I've spent the last few days at GDC13, networking, making contacts, seeing cool things, attending sessions, and learning more about the industry I'm so very passionate about. I'm all set to graduate in May from college with two degrees, a Bachelor of Science focusing on game programming, and a Bachelor of Fine Arts dealing with game art and animation. Also, I'm a woman. Does that last bit of information change your perspective on me? And more importantly, should it? Should I be forever prefacing "game developer" with "female" when I talk about what I do as a career? Should that even matter?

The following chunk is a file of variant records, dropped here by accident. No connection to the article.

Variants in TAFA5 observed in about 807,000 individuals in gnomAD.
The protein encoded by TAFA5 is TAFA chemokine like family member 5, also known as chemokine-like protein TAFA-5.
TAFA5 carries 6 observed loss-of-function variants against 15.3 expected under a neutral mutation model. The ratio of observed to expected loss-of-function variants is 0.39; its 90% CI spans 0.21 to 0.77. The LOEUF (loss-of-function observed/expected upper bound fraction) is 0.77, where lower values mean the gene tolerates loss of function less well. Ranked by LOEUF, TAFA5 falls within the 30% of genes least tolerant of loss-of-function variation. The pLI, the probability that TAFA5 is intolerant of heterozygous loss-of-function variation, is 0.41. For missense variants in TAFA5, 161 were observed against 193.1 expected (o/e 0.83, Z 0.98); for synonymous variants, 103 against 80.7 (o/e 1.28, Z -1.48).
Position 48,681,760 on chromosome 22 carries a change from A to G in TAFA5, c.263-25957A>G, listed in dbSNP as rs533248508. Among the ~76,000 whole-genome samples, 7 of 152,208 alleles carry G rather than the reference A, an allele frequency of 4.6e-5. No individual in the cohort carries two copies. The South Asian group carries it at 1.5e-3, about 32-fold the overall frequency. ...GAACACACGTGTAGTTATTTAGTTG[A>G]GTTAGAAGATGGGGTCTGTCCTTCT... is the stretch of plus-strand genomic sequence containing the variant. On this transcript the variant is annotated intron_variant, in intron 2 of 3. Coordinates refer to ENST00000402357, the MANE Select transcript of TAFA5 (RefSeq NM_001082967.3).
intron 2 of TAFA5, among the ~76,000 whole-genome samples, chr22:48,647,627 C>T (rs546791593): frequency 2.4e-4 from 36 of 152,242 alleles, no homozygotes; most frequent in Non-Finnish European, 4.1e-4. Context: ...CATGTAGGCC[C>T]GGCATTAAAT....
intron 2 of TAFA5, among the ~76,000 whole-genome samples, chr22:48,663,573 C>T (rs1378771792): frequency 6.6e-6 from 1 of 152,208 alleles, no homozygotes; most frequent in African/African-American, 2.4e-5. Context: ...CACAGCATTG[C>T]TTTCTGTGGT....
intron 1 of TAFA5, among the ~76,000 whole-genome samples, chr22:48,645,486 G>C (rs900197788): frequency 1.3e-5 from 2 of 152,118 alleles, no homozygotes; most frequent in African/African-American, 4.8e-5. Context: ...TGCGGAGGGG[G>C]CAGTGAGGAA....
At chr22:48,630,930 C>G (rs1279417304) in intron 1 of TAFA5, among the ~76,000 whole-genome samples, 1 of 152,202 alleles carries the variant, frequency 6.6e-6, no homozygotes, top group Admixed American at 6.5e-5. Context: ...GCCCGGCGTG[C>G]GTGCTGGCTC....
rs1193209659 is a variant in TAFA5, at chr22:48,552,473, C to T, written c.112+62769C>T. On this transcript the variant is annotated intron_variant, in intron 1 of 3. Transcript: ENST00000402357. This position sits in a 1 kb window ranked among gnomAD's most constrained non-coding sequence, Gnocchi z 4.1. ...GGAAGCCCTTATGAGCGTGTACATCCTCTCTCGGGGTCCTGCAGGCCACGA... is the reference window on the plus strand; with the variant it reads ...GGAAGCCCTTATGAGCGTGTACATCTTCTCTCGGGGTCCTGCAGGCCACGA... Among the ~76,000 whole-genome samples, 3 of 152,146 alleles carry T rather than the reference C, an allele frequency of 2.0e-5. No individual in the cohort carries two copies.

A bit of background on me: I've wanted to make video games since I was about 12 years old. In high school I flew planes, but ultimately decided that I wouldn't give up the dream of being a game developer. I guess I was blessed with good vibes around me. My friends were encouraging, and my parents supportive with what I wanted to go to college for. I found a school that would let me dual major in game art and game programming, I worked hard in high school to get good grades and get college credit through AP classes, and off I went to chase my dreams. When most people met me at college and found out what I was going there for, there wasn't so much shock that I was female as there was for attempting both degrees. I've been shown off to prospective students, not because I was female, but because I was doing well in both degrees, and also was a student tutor and lab tech. Many of my friends are male, and we love to hang out, joke around and so on.